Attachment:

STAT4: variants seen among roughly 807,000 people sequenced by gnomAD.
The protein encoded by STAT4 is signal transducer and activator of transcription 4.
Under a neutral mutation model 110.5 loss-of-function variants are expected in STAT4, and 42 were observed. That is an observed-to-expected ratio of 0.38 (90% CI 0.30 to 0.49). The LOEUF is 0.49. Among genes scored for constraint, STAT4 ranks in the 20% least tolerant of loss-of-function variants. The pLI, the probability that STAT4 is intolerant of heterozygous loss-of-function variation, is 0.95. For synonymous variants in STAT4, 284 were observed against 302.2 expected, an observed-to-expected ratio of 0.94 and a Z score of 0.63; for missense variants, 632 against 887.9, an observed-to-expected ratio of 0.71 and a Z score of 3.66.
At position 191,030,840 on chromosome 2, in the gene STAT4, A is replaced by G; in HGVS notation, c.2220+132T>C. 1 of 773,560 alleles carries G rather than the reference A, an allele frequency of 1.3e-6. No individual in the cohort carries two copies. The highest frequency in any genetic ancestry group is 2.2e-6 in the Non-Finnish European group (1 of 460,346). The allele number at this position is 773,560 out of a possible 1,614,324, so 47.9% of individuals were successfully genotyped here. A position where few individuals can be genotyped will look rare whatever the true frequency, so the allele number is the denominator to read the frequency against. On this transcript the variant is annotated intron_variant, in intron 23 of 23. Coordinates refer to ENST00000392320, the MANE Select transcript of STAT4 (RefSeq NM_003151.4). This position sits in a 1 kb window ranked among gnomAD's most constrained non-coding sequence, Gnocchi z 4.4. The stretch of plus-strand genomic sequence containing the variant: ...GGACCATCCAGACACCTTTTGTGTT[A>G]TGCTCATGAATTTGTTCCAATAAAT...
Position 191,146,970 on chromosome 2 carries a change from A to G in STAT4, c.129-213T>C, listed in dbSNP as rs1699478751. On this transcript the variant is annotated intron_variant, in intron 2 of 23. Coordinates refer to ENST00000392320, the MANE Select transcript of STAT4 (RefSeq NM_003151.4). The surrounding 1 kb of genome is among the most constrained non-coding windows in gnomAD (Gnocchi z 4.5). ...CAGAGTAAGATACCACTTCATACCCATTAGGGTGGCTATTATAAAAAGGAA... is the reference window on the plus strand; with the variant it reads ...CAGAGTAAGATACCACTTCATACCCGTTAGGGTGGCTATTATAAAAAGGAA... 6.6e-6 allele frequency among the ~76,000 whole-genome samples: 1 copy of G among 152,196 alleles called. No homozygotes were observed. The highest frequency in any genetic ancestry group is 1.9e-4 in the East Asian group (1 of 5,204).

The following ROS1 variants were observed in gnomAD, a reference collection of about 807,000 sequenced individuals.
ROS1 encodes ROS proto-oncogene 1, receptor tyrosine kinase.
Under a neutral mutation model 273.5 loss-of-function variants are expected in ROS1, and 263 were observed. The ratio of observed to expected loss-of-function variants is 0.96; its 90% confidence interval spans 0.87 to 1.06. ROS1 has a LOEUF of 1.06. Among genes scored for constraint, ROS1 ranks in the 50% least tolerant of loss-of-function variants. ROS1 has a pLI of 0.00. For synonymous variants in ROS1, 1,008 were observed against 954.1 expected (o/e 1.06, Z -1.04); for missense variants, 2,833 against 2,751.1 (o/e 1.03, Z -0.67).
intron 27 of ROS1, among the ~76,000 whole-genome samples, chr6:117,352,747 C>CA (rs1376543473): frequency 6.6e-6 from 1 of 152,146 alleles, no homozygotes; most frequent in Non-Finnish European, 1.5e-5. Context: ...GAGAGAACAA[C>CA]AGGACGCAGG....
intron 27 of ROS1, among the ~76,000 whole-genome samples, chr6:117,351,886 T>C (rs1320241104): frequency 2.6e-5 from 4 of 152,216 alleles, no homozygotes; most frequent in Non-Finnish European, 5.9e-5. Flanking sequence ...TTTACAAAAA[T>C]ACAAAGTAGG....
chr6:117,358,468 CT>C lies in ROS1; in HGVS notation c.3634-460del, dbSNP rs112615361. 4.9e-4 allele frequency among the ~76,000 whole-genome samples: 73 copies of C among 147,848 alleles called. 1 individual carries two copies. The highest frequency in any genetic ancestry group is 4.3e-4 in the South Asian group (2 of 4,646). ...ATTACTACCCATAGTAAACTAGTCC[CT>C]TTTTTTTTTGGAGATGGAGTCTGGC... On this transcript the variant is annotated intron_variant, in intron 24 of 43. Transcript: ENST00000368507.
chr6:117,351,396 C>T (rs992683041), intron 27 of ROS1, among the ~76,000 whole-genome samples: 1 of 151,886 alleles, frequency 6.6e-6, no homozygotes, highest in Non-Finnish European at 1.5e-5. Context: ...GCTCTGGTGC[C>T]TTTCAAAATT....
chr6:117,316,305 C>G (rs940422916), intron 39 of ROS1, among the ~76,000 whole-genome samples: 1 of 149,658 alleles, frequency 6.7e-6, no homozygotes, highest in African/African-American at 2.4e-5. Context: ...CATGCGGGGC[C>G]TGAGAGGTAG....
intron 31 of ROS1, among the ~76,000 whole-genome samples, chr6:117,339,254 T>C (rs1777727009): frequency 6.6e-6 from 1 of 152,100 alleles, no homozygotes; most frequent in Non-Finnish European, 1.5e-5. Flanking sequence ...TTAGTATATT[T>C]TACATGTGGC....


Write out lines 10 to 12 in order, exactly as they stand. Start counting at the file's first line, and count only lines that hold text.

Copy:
intron 27 of ROS1, among the ~76,000 whole-genome samples, chr6:117,351,886 T>C (rs1320241104): frequency 2.6e-5 from 4 of 152,216 alleles, no homozygotes; most frequent in Non-Finnish European, 5.9e-5. Flanking sequence ...TTTACAAAAA[T>C]ACAAAGTAGG....
chr6:117,358,468 CT>C lies in ROS1; in HGVS notation c.3634-460del, dbSNP rs112615361. 4.9e-4 allele frequency among the ~76,000 whole-genome samples: 73 copies of C among 147,848 alleles called. 1 individual carries two copies. The highest frequency in any genetic ancestry group is 4.3e-4 in the South Asian group (2 of 4,646). ...ATTACTACCCATAGTAAACTAGTCC[CT>C]TTTTTTTTTGGAGATGGAGTCTGGC... On this transcript the variant is annotated intron_variant, in intron 24 of 43. Transcript: ENST00000368507.
chr6:117,351,396 C>T (rs992683041), intron 27 of ROS1, among the ~76,000 whole-genome samples: 1 of 151,886 alleles, frequency 6.6e-6, no homozygotes, highest in Non-Finnish European at 1.5e-5. Context: ...GCTCTGGTGC[C>T]TTTCAAAATT....